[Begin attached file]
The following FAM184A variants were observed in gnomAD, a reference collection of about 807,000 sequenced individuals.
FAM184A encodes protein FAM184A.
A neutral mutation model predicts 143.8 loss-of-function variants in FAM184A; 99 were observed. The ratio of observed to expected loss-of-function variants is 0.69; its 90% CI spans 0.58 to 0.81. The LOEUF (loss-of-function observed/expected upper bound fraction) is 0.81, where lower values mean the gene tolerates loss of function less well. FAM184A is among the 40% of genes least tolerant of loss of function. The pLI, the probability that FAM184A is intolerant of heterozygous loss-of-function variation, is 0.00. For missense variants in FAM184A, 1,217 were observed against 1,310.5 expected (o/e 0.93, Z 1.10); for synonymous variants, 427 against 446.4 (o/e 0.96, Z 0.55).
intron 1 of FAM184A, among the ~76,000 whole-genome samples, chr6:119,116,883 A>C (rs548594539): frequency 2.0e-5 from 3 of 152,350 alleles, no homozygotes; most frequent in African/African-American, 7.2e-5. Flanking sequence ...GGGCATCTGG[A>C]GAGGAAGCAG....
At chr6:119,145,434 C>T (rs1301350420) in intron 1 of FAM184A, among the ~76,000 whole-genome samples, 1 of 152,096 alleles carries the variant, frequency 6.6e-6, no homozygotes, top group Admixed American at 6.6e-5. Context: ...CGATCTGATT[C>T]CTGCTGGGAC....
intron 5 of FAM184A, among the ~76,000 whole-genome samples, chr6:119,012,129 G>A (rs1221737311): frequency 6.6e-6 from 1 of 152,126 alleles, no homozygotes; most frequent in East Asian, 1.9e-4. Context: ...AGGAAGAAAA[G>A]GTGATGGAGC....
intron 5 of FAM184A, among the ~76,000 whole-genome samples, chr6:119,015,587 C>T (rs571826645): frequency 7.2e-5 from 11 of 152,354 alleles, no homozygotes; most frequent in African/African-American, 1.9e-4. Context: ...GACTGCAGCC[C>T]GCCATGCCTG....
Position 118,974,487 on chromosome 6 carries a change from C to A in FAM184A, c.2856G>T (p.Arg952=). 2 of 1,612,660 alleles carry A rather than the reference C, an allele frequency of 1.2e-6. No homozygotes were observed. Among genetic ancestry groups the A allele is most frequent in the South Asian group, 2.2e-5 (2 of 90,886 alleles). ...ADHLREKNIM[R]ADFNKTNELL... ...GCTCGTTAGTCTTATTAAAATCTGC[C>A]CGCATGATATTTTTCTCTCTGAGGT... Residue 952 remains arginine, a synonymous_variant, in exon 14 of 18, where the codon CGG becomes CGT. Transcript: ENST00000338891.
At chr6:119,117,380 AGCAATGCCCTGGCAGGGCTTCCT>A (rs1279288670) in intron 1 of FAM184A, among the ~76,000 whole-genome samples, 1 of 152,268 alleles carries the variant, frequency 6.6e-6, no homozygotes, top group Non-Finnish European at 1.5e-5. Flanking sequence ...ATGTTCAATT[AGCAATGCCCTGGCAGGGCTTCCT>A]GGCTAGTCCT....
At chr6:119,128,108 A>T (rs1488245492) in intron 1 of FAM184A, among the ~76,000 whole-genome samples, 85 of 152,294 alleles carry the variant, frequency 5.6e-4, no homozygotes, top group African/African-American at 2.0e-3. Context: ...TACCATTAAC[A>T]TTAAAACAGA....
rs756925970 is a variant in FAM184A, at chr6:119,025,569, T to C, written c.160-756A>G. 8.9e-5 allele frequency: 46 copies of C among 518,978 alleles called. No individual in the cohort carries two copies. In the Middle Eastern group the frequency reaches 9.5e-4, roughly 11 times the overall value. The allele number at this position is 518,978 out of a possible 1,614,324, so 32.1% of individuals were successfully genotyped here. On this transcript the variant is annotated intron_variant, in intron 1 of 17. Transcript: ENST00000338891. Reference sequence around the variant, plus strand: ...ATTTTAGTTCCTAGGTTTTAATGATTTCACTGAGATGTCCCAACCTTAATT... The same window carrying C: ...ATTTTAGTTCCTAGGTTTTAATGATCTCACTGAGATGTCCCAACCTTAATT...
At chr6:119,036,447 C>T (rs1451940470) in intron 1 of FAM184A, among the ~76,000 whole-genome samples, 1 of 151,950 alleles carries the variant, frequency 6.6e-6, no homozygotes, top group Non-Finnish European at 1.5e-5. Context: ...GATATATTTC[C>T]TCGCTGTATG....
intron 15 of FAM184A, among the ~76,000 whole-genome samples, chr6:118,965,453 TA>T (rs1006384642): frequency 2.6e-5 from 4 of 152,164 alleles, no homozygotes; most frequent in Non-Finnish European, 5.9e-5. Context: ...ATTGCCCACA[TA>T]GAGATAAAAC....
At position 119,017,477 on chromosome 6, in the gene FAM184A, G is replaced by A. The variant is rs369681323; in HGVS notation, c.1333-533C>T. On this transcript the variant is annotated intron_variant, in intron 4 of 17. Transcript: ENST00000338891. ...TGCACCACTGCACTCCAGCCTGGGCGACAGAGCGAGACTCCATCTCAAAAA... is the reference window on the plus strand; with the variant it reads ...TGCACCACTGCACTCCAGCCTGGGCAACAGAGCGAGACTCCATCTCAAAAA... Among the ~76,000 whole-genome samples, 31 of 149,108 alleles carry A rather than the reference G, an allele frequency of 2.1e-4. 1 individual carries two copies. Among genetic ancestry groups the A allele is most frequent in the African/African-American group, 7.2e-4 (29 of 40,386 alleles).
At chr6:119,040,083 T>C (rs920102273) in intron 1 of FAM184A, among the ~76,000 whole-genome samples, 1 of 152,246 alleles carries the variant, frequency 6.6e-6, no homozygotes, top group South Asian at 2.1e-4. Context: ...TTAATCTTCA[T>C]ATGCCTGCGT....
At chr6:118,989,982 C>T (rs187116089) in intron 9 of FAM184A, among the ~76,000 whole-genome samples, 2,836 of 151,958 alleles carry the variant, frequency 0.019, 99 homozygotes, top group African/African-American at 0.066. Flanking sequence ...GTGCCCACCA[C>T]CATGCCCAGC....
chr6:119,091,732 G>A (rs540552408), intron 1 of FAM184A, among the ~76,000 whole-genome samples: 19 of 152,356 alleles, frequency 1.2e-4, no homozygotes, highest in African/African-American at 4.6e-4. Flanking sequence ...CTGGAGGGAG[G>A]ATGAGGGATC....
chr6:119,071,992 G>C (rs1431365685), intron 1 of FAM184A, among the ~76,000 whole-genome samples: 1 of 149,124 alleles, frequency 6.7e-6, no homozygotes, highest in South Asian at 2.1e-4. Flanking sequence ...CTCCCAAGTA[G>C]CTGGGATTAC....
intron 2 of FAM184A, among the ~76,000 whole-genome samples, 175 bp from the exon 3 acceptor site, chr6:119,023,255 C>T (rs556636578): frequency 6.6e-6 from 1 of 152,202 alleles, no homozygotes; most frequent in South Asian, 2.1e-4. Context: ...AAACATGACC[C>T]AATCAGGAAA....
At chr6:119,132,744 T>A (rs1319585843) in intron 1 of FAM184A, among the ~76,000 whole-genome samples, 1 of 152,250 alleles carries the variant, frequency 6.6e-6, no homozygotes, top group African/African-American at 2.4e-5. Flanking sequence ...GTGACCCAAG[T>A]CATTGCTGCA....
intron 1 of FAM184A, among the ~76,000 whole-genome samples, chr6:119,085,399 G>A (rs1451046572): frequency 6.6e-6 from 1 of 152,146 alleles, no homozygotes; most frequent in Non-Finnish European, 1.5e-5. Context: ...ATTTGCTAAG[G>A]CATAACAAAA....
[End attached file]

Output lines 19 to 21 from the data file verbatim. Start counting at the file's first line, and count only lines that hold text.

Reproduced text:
intron 2 of FAM184A, among the ~76,000 whole-genome samples, 175 bp from the exon 3 acceptor site, chr6:119,023,255 C>T (rs556636578): frequency 6.6e-6 from 1 of 152,202 alleles, no homozygotes; most frequent in South Asian, 2.1e-4. Context: ...AAACATGACC[C>T]AATCAGGAAA....
At chr6:119,132,744 T>A (rs1319585843) in intron 1 of FAM184A, among the ~76,000 whole-genome samples, 1 of 152,250 alleles carries the variant, frequency 6.6e-6, no homozygotes, top group African/African-American at 2.4e-5. Flanking sequence ...GTGACCCAAG[T>A]CATTGCTGCA....
intron 1 of FAM184A, among the ~76,000 whole-genome samples, chr6:119,085,399 G>A (rs1451046572): frequency 6.6e-6 from 1 of 152,146 alleles, no homozygotes; most frequent in Non-Finnish European, 1.5e-5. Context: ...ATTTGCTAAG[G>A]CATAACAAAA....